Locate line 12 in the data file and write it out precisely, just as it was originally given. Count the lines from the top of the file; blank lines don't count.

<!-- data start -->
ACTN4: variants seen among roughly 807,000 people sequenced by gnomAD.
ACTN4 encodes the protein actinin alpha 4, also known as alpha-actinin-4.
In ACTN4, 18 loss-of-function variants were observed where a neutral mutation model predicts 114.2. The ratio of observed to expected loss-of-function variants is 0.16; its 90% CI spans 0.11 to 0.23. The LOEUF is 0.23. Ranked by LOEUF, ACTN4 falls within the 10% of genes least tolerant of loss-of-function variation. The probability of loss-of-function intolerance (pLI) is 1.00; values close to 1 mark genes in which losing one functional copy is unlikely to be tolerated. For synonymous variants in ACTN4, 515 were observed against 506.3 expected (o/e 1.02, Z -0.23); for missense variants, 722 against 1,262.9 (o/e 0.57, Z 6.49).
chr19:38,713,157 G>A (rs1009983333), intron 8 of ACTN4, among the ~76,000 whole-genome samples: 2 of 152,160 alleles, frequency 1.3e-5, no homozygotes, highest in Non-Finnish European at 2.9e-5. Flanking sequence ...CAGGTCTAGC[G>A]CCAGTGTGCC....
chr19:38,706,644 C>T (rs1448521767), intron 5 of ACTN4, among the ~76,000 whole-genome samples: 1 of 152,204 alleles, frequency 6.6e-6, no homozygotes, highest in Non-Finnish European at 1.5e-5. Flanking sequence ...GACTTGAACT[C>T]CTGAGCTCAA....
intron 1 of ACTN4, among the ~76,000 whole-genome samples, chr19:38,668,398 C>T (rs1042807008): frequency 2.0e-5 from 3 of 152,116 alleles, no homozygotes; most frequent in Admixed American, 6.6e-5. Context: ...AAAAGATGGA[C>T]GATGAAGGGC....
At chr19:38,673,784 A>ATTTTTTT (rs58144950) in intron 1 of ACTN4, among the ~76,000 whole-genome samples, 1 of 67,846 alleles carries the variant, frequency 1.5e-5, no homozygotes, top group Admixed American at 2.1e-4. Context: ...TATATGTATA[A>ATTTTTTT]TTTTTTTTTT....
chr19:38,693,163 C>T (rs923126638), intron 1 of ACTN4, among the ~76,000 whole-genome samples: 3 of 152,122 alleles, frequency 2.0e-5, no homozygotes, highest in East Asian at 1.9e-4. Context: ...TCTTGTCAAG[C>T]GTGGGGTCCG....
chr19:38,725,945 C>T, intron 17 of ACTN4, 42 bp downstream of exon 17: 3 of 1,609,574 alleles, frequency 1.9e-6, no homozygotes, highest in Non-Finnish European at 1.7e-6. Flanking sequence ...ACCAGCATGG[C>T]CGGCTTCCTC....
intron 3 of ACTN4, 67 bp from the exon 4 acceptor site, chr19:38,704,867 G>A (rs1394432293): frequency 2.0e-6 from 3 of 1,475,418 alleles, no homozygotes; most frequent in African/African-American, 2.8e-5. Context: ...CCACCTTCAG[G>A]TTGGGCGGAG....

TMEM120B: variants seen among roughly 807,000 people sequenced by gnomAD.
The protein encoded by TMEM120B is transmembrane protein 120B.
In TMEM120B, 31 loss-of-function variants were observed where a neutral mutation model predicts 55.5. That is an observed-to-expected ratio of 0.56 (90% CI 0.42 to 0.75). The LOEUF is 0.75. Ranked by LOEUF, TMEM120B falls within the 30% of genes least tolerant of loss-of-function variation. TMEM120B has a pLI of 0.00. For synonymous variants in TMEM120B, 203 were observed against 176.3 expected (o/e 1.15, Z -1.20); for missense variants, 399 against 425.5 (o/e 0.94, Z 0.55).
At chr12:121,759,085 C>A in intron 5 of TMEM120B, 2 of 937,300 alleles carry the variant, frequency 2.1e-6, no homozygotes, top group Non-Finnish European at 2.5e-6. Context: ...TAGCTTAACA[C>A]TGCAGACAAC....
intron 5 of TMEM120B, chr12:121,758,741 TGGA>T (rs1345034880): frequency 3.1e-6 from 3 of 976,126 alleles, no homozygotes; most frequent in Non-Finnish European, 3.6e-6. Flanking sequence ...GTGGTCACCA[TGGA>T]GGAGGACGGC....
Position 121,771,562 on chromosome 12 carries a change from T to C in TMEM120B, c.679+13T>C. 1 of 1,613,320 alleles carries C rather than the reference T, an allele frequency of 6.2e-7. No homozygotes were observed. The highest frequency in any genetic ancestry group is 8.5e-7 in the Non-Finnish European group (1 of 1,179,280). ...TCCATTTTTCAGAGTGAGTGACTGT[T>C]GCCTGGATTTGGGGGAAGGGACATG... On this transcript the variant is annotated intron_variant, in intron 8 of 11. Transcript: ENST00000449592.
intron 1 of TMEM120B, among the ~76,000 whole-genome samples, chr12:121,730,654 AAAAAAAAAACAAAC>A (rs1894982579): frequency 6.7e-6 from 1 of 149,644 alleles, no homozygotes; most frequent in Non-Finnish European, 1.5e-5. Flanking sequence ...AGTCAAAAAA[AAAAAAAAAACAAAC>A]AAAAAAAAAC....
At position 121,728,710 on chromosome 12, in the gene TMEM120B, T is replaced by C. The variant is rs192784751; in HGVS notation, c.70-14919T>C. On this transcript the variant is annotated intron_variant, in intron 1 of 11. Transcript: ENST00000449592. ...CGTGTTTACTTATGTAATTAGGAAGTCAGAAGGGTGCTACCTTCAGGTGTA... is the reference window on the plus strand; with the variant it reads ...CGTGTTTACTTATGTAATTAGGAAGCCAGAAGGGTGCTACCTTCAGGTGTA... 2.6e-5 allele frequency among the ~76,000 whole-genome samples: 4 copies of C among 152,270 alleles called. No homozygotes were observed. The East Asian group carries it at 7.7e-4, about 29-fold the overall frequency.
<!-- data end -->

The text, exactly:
The protein encoded by TMEM120B is transmembrane protein 120B.